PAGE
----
'Our Brand Is Crisis'
As part of his ongoing quest to make at least one film in every genre regardless of whether or not he’s suited to the material, director David Gordon Green has now delivered his version of a spin doctor satire in the mold of ‘Wag the Dog’ or ‘The Candidate’. Taking homegrown media manipulation and dirty politics to a South American setting, the movie comments on hidden U.S. imperialism and the smoke and mirrors of campaigning without ever really going for the throat.
‘Our Brand Is Crisis’ is a gentle breeze of a deadpan comedy featuring some strong performances, a visually stimulating setting, and at least the illusion of serious intent that never quite hits the lofty heights the filmmaker strives for. It’s a modest, if somewhat disappointing, success.
Loosely based on a 2005 documentary of the same title, Sandra Bullock stars as Jane, an expert and devious campaign advisor who has been in retirement for many years but is still remembered as a legend. She gets pulled away from her isolated home by a pair of hired-hand strategists (Anthony Mackie and Ann Dowd) and flies over to Bolivia to help manipulate a win for the country’s corrupt leader (Jaoquim de Almeida). Jane is not particularly interested in the gig and barely even speaks at first. She’s inspired to lead the campaign not because she’s passionate about her client, the election or the people of Bolivia, but because she gets to do battle with her arch nemesis, Pat Candy (Billy Bob Thornton), who’s running a competing campaign. Once she kicks into action, the director serves up a series of slapstick set-pieces and satirically silly campaign tactics in a sun-drenched exotic setting.
The film works best purely as a character comedy. Between his art house efforts and Hollywood comedies, Green was one of the directors and executive producers of the brilliant HBO series ‘Eastbound & Down’ and caries over some of that tone here. Specifically, that show (and particularly Green’s episodes) had a knack for playing absurd and horrible behavior with deadpan comedic glee and an oddly poetic visual aesthetic. Most of the big laughs in ‘Our Brand Is Crisis’ are broad and silly, involving unexpected animal deaths, wild drunken behavior, and good old-fashioned “man fall down = funny” gags. However, Green has his actors play it all completely straight, as if they were in a serious drama. He also shoots the Bolivian location through a Malick-influenced eye, which lends an odd beauty to ridiculous sights like Bullock mooning Thornton on a bus. It gives the movie an off kilter tone, often making stale gags feel fresh and unexpected.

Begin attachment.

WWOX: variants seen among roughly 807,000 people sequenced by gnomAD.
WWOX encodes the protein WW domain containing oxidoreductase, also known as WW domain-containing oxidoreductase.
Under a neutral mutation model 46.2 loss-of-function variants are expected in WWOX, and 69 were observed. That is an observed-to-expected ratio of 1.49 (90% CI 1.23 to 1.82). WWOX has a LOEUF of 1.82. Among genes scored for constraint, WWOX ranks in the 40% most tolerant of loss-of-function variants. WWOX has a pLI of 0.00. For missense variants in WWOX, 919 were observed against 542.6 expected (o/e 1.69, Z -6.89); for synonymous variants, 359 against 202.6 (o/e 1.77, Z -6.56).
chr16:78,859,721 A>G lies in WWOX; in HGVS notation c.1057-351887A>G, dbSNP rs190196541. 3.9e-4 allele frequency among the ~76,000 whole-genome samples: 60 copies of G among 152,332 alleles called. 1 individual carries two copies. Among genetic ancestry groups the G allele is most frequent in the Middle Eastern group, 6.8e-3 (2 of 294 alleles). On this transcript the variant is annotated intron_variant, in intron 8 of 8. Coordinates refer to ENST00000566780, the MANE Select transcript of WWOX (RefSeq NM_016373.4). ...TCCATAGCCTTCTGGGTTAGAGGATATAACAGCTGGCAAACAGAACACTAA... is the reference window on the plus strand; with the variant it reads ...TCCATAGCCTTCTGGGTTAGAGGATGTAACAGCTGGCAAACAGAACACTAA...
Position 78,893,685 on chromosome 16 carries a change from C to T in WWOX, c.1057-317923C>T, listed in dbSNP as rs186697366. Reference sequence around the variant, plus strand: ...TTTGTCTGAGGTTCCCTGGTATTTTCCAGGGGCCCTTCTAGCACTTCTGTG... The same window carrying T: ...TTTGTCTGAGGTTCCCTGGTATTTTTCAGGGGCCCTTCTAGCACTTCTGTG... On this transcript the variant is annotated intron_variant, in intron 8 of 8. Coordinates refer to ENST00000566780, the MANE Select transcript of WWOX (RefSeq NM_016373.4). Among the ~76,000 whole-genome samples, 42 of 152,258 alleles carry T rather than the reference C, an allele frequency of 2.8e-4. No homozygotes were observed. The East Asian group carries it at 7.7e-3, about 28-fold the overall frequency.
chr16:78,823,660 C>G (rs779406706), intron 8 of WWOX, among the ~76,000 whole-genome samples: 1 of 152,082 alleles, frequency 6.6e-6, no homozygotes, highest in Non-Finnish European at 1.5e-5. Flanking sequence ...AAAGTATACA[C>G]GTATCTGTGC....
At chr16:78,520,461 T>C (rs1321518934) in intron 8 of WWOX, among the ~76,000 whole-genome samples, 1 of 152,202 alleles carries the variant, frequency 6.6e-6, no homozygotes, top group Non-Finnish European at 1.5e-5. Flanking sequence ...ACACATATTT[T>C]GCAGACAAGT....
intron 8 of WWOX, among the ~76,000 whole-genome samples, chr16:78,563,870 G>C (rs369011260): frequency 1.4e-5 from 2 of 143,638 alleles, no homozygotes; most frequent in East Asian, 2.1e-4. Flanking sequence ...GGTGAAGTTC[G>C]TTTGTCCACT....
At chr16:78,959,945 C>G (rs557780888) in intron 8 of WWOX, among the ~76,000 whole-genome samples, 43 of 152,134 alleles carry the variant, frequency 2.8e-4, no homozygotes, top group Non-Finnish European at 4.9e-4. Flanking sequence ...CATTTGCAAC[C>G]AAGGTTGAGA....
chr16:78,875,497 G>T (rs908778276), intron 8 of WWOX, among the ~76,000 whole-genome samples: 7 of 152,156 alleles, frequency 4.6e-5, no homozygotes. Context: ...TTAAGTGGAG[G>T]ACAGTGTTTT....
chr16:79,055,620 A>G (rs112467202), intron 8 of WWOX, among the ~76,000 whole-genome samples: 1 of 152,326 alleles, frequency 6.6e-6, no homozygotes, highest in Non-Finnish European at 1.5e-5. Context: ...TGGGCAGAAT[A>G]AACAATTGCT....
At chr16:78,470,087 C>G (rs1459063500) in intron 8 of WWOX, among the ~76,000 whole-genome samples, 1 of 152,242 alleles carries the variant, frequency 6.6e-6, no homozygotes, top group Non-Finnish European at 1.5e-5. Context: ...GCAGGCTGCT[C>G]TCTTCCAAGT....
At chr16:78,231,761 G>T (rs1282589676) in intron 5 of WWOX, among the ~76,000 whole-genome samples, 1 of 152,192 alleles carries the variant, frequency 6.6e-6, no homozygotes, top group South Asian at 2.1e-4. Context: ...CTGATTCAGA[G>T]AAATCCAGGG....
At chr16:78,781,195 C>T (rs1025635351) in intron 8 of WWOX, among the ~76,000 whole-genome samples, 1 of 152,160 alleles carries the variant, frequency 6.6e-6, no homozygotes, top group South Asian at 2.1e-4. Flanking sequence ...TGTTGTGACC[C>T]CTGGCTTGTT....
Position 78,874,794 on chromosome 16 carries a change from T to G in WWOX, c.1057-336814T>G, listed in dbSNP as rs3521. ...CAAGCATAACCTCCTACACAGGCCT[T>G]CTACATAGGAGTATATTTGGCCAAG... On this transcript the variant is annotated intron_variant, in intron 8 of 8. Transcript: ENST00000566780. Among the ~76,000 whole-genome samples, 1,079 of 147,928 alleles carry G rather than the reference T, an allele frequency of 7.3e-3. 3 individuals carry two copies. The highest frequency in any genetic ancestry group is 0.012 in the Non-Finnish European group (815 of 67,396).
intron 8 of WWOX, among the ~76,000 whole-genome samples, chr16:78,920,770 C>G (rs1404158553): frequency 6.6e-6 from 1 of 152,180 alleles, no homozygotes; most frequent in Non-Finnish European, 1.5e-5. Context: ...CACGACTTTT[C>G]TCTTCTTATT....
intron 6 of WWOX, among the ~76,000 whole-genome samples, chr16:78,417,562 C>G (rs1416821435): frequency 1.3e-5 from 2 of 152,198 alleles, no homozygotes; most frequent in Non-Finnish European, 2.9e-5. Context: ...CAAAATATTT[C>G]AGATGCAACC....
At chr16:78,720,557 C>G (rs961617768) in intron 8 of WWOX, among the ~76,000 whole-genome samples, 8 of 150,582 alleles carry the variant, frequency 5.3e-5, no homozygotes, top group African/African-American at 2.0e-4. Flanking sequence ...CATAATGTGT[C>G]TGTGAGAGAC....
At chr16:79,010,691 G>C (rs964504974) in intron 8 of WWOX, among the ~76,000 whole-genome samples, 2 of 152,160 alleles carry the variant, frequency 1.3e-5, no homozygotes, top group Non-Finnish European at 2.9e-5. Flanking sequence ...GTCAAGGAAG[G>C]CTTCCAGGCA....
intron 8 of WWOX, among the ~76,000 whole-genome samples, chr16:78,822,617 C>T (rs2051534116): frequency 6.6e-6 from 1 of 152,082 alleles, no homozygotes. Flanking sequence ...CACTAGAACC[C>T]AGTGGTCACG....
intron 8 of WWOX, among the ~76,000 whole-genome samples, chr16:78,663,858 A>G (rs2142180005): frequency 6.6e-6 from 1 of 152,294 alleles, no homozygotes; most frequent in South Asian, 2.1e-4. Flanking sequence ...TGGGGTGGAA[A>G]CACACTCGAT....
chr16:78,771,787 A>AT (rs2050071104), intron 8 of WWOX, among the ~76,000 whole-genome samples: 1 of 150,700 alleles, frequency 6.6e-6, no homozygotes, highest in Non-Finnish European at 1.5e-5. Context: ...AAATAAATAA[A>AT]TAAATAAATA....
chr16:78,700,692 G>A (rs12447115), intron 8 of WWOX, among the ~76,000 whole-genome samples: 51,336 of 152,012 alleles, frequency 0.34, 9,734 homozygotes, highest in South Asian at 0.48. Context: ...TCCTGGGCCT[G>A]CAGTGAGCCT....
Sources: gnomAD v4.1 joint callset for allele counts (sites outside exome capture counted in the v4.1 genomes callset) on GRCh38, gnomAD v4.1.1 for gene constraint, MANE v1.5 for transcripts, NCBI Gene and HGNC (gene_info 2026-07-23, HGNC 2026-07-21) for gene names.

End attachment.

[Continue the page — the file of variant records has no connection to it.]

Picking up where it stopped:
Green also works wonders with actors and gets some excellent performances here. Bullock is of course the star of the show and the reason this project made it through the studio system. She’s excellent, and joyfully dives into slapstick and very undignified behavior while still playing straight as a fully formed dramatic performance. Bullock holds the movie together whenever it threatens to fly off the rails and always makes scenes worth watching.
She’s matched well by Thornton as her political sparring partner. The actor has a glint in his eye and spunk in his performance that he hasn’t displayed in years (possibly because he’s mostly a musician now, apparently). The rest of the supporting cast, including Zoe Kazan and Scoot McNairy, are all talented but don’t really get more than sketches to play. The movie is essentially a two-handed show. Everyone else is there to move the plot along and support the Bullock/Thornton battle.
The big problem with ‘Our Brand Is Crisis’ is the half-baked script that never really grows beyond a clever premise. Once the world is established, jokes are merely trotted out or repeated, whether they’re highbrow or low. There film has no clear thesis to its satire, which is a fairly important component of the genre. In the final scenes, Green attempts to switch gears into earnest drama as Jane finally sees the error of her ways, and it just doesn’t quite work. The preceding movie might be clever, but it’s far too simple and silly to suddenly expand into a heartfelt drama or meaningful political statement.
Still, at least the things breezes by entertainingly and makes attempts for content beyond the yuks. It’s another intriguing experiment for a director who specializes in such things, but not one of his triumphs. At least he and everyone else tried to do something different and succeeded much of the time. That’s more than can be said about most studio comedies, even the self-important ones.